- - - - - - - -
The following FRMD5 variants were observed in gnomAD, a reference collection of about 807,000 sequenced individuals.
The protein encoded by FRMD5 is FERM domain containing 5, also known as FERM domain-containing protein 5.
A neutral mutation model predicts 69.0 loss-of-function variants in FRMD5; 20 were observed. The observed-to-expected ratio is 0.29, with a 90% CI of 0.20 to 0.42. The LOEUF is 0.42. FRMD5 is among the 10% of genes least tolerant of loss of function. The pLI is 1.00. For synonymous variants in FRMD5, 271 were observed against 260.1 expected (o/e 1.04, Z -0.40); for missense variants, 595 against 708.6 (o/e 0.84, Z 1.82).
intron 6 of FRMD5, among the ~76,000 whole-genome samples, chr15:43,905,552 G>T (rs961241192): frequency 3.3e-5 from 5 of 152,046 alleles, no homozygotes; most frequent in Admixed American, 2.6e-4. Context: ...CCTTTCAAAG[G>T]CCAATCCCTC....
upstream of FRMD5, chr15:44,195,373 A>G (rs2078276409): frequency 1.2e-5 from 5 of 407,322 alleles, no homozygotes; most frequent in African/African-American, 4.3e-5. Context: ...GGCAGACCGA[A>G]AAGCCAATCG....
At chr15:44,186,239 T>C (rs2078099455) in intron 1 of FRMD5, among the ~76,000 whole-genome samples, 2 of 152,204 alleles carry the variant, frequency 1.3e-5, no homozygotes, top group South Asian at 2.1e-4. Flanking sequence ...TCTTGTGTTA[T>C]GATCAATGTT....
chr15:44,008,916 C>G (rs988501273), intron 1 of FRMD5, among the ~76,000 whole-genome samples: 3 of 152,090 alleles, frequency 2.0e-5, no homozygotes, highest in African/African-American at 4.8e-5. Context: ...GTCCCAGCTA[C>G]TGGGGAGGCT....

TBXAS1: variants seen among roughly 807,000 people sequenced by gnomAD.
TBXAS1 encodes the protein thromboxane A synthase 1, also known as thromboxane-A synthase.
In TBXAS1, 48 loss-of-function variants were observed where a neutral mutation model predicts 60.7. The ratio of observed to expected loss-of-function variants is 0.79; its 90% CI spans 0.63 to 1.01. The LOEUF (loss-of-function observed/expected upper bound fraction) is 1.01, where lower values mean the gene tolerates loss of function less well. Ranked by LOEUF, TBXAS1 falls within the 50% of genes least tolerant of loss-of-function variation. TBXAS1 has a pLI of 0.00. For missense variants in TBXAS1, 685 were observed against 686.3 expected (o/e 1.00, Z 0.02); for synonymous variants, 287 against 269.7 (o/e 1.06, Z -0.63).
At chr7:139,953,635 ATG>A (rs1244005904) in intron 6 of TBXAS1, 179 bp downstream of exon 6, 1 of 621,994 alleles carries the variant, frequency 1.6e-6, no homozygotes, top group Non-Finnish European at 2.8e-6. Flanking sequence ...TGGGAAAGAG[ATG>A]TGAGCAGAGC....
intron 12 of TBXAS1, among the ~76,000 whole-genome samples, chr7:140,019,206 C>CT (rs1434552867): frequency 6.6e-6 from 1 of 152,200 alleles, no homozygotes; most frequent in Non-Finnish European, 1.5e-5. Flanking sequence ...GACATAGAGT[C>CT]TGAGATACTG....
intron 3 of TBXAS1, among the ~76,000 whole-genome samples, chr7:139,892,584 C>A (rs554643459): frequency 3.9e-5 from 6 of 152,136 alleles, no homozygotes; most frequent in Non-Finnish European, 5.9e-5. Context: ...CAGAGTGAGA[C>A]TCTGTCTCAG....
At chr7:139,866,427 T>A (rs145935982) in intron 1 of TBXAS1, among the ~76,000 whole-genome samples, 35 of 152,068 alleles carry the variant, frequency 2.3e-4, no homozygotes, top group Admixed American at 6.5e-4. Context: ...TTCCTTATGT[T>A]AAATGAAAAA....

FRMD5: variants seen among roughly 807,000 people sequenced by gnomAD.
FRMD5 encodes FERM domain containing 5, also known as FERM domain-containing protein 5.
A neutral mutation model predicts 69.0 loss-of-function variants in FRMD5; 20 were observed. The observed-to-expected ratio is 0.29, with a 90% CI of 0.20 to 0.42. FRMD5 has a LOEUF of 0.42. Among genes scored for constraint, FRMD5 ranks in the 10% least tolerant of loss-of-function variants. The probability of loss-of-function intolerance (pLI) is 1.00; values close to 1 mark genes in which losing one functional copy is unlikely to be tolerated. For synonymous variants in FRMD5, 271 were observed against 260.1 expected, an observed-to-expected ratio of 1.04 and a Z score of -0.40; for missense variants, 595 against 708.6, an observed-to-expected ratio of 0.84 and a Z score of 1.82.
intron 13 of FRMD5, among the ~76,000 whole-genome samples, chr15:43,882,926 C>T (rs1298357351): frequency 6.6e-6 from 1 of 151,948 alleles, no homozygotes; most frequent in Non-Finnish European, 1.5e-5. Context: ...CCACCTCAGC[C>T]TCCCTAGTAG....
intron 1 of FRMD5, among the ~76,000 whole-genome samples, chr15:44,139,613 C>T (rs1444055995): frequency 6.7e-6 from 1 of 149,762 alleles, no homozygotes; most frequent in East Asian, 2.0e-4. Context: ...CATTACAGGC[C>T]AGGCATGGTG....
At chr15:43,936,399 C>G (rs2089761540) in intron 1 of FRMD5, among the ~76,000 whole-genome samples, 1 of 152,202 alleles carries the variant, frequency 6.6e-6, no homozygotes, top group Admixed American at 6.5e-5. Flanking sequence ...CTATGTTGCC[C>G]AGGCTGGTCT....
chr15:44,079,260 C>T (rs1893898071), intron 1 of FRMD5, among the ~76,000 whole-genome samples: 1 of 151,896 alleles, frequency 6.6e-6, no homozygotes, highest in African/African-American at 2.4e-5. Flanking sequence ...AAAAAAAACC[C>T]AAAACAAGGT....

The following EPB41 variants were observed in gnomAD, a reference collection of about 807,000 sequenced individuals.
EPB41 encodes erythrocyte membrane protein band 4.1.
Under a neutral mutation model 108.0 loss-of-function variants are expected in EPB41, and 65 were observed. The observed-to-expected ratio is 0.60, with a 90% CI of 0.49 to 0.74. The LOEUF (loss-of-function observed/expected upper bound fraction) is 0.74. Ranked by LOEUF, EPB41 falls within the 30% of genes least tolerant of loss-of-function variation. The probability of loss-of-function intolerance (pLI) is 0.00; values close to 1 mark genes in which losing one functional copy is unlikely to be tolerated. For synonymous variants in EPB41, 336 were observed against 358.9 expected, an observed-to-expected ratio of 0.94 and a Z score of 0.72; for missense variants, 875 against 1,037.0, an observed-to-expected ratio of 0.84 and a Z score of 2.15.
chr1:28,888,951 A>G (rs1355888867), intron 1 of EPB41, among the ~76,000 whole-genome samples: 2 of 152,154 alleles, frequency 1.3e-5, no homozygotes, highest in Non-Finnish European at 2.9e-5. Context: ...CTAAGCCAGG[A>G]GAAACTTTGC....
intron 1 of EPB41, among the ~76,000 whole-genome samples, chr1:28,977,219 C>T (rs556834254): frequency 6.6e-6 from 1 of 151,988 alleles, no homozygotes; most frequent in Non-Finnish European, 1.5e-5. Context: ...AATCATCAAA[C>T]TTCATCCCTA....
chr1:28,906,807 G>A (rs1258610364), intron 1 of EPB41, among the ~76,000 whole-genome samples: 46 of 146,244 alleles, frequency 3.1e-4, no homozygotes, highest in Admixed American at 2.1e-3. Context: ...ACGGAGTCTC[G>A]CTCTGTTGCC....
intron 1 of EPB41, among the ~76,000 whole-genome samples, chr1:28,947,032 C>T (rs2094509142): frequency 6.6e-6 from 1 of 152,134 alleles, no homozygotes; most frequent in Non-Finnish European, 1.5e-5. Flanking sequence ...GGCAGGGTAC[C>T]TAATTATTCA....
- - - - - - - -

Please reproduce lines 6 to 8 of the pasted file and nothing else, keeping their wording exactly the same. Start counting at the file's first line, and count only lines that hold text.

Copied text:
At chr15:44,186,239 T>C (rs2078099455) in intron 1 of FRMD5, among the ~76,000 whole-genome samples, 2 of 152,204 alleles carry the variant, frequency 1.3e-5, no homozygotes, top group South Asian at 2.1e-4. Flanking sequence ...TCTTGTGTTA[T>C]GATCAATGTT....
chr15:44,008,916 C>G (rs988501273), intron 1 of FRMD5, among the ~76,000 whole-genome samples: 3 of 152,090 alleles, frequency 2.0e-5, no homozygotes, highest in African/African-American at 4.8e-5. Context: ...GTCCCAGCTA[C>G]TGGGGAGGCT....

TBXAS1: variants seen among roughly 807,000 people sequenced by gnomAD.